The next eight will be part of 141 aircraft produced in LRIP 11 by Lockheed Martin during 2019. The 102 F-35As produced in LRIP 11 will be the first to cost less than US$90 million (AU$127.6 million) per copy. Two more aircraft are due to arrive at Williamtown in April 2019 and eight aircraft will be on line by the end of the year, together with between 10 and 12 qualified pilots.
Beyond LRIP 11, eight aircraft will be produced in LRIP lots 12 through 14 between 2022 and 2022, with the final nine aircraft to be delivered from LRIP 15 in 2023. According to AIRMSHL Davies, between 30 and 33 aircraft will have been delivered by the end of 2020.
Recent milestones in Australia’s F-35 program have included the 1,000th flight, carried out in June 2018 and the first release of an (inert) 2,000lb (900kg) GBU-31v3 Joint Direct Attack Munition (JDAM) on the Barry M Goldwater weapons range in the US on July 20, 2018.
A Commanding Officer’s perspective
The release of the first JDAM was performed by Wing Commander Darren Clare, who is the Commanding Officer of 3 Sqn, the first operational RAAF fighter squadron to receive the F-35A.
WGCDR Clare took over the role of 3 Sqn CO in September 2017 and made his first flight in an F-35A during his training at Luke AFB the same month. Appropriately, he flew the final leg of the delivery flight from Amberley to Williamtown in the lead aircraft and recalled the achievement to ADM afterwards.
“Bringing the aircraft to Williamtown in a wonderful privilege and a significant milestone in preparing this capability for operations in the future,” he said. “This arrival event has been years in the making. It’s a huge achievement for everyone who has worked on the Air 6000 project. I may be the person flying the aircraft home to this great reception, but there have been thousands of people over many years who have all contributed to making this happen.”
However, WGCDR Clare noted that the arrival of the two jets was only the beginning of F-35 operations in Australia.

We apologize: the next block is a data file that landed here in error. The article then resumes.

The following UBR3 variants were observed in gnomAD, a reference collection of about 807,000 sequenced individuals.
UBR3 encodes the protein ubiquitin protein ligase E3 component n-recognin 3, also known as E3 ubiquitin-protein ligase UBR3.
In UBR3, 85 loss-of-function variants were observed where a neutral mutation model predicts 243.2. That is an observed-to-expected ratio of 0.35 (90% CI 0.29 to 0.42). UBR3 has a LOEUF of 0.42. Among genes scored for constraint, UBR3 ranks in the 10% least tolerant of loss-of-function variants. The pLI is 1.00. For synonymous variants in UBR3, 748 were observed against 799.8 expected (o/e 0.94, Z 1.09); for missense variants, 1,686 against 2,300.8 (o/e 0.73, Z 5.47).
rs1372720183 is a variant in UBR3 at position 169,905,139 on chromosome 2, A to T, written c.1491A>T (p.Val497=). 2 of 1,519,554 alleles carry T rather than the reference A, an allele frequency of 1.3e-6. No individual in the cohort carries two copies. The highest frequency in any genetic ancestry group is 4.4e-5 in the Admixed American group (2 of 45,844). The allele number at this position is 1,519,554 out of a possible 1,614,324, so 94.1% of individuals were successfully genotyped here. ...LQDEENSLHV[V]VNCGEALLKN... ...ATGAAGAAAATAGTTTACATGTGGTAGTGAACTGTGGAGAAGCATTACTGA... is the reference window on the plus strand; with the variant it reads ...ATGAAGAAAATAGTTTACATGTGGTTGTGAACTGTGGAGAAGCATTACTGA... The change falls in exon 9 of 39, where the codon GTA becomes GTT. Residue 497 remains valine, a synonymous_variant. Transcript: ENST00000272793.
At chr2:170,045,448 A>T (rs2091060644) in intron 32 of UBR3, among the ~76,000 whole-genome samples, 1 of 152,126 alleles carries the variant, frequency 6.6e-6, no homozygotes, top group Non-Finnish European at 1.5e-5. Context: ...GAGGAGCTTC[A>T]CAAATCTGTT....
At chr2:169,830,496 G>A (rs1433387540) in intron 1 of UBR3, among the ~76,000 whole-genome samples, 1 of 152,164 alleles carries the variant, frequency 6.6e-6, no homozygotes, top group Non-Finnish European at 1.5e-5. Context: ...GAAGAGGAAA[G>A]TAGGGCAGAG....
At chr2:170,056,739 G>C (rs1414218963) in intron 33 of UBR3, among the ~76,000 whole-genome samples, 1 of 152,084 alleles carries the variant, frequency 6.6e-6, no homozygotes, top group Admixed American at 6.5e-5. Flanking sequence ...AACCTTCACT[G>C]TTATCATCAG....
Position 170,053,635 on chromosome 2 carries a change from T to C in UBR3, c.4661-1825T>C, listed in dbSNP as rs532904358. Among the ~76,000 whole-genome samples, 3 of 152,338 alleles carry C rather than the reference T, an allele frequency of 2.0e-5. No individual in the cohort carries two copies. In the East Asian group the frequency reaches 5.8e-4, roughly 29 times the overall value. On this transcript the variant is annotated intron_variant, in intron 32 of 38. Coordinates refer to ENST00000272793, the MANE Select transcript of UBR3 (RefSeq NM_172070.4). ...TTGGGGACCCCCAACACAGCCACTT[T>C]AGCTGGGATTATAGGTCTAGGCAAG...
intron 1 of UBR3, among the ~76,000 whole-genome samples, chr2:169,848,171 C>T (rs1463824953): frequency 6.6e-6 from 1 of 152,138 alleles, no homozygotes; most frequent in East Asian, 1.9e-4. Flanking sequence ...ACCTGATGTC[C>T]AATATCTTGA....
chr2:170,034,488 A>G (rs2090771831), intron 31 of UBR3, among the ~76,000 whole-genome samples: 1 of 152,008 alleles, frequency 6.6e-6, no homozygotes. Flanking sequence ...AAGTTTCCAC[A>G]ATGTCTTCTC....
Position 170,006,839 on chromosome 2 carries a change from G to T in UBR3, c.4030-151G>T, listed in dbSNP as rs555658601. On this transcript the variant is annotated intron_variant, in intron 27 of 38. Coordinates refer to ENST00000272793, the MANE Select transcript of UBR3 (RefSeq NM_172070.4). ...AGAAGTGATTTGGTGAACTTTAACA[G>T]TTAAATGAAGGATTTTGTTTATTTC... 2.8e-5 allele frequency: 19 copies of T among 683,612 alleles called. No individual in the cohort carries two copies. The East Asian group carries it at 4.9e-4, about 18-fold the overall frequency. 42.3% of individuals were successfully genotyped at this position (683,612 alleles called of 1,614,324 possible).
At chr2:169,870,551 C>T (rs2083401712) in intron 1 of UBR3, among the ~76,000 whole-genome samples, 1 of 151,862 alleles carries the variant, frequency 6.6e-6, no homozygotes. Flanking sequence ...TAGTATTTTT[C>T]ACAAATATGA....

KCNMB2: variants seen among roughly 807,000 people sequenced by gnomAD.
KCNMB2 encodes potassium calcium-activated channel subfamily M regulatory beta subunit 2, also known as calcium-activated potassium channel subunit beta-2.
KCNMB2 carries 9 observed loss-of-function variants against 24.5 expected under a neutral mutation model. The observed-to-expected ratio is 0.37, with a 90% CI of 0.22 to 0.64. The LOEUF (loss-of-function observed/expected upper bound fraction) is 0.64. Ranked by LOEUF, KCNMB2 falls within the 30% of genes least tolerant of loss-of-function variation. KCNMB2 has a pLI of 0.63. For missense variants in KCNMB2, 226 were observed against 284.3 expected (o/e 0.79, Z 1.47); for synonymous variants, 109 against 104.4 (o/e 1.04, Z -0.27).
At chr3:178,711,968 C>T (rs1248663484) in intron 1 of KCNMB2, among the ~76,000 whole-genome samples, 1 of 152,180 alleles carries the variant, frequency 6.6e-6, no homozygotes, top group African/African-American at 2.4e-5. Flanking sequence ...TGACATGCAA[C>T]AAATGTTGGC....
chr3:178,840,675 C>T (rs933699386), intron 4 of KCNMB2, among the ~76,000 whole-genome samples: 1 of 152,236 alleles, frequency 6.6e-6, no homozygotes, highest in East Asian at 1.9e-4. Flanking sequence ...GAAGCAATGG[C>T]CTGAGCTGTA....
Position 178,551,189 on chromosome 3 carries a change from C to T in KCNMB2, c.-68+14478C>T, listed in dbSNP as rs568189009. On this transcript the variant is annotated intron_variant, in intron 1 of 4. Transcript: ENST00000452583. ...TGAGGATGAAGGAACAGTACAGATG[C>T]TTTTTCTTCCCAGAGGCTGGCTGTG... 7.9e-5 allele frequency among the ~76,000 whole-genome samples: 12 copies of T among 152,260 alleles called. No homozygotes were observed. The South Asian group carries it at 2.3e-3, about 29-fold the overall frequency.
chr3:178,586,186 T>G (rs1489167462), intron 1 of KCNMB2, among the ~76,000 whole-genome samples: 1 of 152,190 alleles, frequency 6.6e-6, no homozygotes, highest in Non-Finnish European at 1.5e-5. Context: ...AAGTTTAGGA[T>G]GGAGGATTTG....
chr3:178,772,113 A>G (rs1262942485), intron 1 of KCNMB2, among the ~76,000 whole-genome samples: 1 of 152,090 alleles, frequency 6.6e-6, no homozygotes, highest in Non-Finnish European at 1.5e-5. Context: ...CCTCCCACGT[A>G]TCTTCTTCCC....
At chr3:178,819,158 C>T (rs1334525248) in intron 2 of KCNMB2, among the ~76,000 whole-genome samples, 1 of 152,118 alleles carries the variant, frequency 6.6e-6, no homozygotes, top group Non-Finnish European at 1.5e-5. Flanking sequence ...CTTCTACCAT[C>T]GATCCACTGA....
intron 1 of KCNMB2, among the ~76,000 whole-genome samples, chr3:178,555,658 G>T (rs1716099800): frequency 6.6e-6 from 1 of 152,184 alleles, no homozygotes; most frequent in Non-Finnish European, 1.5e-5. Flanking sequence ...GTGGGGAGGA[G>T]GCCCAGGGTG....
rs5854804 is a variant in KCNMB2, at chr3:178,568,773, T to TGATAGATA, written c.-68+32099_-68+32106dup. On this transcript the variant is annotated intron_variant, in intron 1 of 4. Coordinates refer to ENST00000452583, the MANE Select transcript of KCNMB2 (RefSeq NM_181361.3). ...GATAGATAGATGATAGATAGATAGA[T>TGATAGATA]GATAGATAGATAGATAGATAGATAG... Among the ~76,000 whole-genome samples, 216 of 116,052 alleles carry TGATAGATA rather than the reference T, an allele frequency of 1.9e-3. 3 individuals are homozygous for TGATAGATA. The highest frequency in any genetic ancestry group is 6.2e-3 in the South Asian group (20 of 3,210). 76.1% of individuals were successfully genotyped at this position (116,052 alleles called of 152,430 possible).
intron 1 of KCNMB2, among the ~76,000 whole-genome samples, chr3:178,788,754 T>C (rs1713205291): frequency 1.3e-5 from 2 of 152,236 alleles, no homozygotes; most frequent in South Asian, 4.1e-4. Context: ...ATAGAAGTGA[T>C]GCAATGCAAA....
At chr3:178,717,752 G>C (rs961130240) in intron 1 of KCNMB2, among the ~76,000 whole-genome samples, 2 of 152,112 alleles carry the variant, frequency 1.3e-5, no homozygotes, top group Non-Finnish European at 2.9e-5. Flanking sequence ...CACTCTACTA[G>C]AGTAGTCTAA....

“With the jets in Australia, my priorities as Commanding Officer are to build up our squadron to the point where it can be deployed as a fighting unit and for 3 Sqn to lead Air Force’s transition to a fifth-generation force,” he explained. “Our next chapter starts now.”
The next chapter will be the verification and validation testing, which is now underway and will take the F-35 capability to IOC at the end of 2020, but in addition 3 Sqn will participate in a planned range of training, including deployments to RAAF bases around the country and the release of live weapons in both the US and Australia.
“In addition to flying the aircraft, F-35A pilots are battle managers, the aircraft presents the tactical picture in a way that allows us to make better decisions than on previous platforms and our tactics continue to evolve as we further understand the aircraft,” WGCDR Clare explained. “We are not just flying around in close formation like we were with legacy aircraft, we can get closer to threats, find, engage and jam targets as well as share information with other platforms. That networked battlespace is a key feature of the fifth-generation force.”
Verification and Validation program
The aim of the incremental verification and validation (V&V) program over the next two years is to ensure that the F-35A is compatible with Defence’s infrastructure, including everything from external electrical power available at RAAF bases around the country, to the information and communications technology (ICT) systems throughout Defence.
A major component of this will be the Australian ALIS system, which is required to support every RAAF F-35 flight, from maintenance management, fault diagnosis, mission and logistics management to air and ground crew training throughout the operating units.
“The F-35 is a complex endeavour (and) the V&V program is one of our key strategies to manage that complexity. It is a program of events where we will seek confidence that we can conduct all the steps that deliver the F-35 capability,” Head Joint Strike Fighter, AVM Leigh Gordon told ADM.